In the Church Calendar the Easter Season lasts 50 days – seven Sundays – and during the forty days from his resurrection to ascension, Jesus appeared to his disciples several times in what we call post-resurrection appearances. I find the stories in these appearances quite intriguing at times – in addition to being fascinating.
One such occurrence is recorded in John 21: 1- 14 which we read on Friday of the First Week of Easter and on the Third Sunday of Easter (Year C).
Some things have happened as the text begins with, “After these things Jesus showed himself again to the disciples by the Sea of Tiberias…” If we follow the sequence from chapter 20 we see that “these things” relate to Jesus’ resurrection and the post- Easter appearances. First, Jesus rose from the dead. This is huge! Everybody knows that – as N. T. Wright puts it in his book Surprised by Scripture,– “people who die remain dead”.
Mary Magdalene had brought the news, then Jesus had appeared to the disciples while behind locked doors. Incredible news as it is, the disciples have seen with their own eyes, the Risen Christ. Yet, in this reading Peter says to the other disciples, “I am going fishing” and they respond, “We will go with you”.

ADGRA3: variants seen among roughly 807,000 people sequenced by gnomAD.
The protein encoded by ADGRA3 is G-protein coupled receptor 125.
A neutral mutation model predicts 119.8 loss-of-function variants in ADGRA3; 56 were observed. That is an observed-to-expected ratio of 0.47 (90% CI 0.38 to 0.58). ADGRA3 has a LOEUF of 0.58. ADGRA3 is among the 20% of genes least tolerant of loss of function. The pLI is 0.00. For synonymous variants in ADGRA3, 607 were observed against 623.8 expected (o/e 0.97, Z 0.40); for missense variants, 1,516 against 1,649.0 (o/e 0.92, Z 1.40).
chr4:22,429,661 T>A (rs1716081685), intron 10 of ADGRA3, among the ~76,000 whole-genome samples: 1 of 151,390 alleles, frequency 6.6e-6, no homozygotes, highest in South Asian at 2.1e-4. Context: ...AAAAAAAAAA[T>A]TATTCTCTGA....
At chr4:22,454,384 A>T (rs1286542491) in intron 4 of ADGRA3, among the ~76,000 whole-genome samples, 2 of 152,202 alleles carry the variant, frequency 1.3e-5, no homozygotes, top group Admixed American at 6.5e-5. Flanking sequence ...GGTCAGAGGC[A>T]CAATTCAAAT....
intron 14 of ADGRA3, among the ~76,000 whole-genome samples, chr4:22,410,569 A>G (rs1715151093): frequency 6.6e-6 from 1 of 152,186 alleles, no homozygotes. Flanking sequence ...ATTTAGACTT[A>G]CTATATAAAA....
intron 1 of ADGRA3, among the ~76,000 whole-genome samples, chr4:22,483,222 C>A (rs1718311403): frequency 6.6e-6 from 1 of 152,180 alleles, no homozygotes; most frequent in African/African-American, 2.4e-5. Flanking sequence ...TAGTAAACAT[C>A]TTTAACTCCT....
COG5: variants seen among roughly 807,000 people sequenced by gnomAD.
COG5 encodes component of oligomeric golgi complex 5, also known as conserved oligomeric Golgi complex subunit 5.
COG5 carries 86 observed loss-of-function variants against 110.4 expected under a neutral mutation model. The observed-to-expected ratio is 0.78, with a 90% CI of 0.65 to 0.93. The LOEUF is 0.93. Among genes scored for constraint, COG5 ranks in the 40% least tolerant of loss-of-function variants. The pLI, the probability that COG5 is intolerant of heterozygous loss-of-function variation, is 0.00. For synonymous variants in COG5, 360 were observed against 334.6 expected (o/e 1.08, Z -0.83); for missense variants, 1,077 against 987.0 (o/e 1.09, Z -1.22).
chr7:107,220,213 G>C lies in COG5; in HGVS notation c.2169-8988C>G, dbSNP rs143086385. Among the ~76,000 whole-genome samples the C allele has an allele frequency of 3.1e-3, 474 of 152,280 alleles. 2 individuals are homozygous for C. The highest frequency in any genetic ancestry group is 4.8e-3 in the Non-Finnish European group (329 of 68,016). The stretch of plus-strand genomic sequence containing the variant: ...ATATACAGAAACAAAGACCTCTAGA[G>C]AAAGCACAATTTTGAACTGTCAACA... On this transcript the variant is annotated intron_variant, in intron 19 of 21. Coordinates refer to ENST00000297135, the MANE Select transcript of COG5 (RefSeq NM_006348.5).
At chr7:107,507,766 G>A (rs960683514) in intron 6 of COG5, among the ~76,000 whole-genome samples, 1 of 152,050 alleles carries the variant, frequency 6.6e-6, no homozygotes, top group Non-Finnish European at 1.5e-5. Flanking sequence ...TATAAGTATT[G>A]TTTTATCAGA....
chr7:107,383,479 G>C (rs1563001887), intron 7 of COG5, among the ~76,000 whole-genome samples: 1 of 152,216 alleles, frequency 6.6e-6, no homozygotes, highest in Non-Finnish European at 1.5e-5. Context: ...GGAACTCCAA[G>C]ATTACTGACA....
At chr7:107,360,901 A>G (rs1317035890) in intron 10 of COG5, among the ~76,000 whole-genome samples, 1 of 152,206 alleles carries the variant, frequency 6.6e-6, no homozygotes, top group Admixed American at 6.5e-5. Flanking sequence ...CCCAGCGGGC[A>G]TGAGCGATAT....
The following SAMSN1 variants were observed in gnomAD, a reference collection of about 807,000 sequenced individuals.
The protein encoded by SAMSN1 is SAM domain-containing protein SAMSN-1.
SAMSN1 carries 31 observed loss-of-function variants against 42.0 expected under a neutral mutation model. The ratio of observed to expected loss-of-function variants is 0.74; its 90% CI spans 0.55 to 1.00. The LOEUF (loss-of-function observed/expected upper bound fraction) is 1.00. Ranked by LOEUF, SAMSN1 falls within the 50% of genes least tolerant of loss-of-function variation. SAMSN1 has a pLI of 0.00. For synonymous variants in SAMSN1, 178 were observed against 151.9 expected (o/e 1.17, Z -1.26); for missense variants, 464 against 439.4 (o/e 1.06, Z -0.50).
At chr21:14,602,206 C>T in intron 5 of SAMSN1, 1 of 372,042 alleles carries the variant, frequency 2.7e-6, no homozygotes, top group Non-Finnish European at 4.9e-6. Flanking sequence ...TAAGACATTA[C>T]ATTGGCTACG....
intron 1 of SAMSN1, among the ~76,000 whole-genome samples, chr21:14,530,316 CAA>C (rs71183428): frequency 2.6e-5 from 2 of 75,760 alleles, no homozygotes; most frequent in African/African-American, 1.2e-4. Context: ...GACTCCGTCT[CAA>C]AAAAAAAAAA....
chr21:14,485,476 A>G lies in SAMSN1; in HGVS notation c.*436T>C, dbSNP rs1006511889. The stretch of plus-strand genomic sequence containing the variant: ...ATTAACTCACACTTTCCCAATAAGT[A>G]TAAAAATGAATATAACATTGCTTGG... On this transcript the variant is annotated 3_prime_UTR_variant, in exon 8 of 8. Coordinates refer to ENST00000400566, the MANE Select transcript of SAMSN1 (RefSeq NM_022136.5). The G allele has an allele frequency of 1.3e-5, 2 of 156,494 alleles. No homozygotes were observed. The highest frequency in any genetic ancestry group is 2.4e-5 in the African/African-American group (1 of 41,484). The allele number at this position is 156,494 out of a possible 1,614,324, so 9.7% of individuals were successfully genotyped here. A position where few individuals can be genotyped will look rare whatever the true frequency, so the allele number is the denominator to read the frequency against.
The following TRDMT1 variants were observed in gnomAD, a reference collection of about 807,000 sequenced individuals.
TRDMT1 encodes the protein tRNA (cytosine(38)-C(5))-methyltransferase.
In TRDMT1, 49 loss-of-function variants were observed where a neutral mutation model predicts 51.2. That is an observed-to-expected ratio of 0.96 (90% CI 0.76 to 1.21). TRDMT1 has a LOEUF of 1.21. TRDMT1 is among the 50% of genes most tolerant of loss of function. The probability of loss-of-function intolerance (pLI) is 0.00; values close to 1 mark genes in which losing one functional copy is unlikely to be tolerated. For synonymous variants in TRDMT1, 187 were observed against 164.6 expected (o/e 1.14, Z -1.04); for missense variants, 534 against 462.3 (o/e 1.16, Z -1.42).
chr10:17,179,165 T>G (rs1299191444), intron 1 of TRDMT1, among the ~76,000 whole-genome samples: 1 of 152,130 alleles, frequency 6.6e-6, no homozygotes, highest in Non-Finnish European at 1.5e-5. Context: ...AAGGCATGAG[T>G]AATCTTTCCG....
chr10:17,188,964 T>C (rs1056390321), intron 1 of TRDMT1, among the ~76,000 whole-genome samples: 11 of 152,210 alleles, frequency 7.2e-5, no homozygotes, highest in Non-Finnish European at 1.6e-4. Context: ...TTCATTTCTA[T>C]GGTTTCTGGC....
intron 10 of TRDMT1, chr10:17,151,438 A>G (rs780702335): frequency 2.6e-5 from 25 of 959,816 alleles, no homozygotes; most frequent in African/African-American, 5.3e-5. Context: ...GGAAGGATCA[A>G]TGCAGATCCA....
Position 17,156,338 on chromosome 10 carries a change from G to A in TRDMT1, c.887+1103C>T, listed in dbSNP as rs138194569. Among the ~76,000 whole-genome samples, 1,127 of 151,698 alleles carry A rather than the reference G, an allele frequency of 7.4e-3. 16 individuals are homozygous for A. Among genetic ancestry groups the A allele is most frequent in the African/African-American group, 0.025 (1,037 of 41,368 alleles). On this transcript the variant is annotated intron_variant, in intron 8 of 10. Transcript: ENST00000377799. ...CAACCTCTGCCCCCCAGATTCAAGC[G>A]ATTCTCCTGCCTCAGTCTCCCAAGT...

These disciples were fishermen before Jesus called them. Fishing was their family business. It was what they were used to, what made them comfortable, what they knew inside out from one generation to the next. They were simply going back to what they were used to, in spite of the recent world-changing events. But why?
What is beautiful about reading scripture is how those stories become our story. It is easy and comforting to revert to what is familiar, the world of the past. There may be moments in life when we wake up to something new and life-changing – may be a casual testimony about reducing stress, or an idea about a new direction out of a present unsatisfactory situation and we are so excited and fired up; but then a few days later we are back with the old ways and ideas.
In addition to reverting to what was familiar, Peter may also have remembered that he betrayed Jesus which might have killed any motivation he had. The past – especially failures – can hold us back so powerfully. It is not only the reel that plays in mind: how not qualified, not educated for this, too many failures, victim mentality, and so on, but also the same reel that society plays: “You cannot do that, it is not for you and so on.
So, does Jesus’ resurrection bring a new beginning in life or simply the comfort of the past?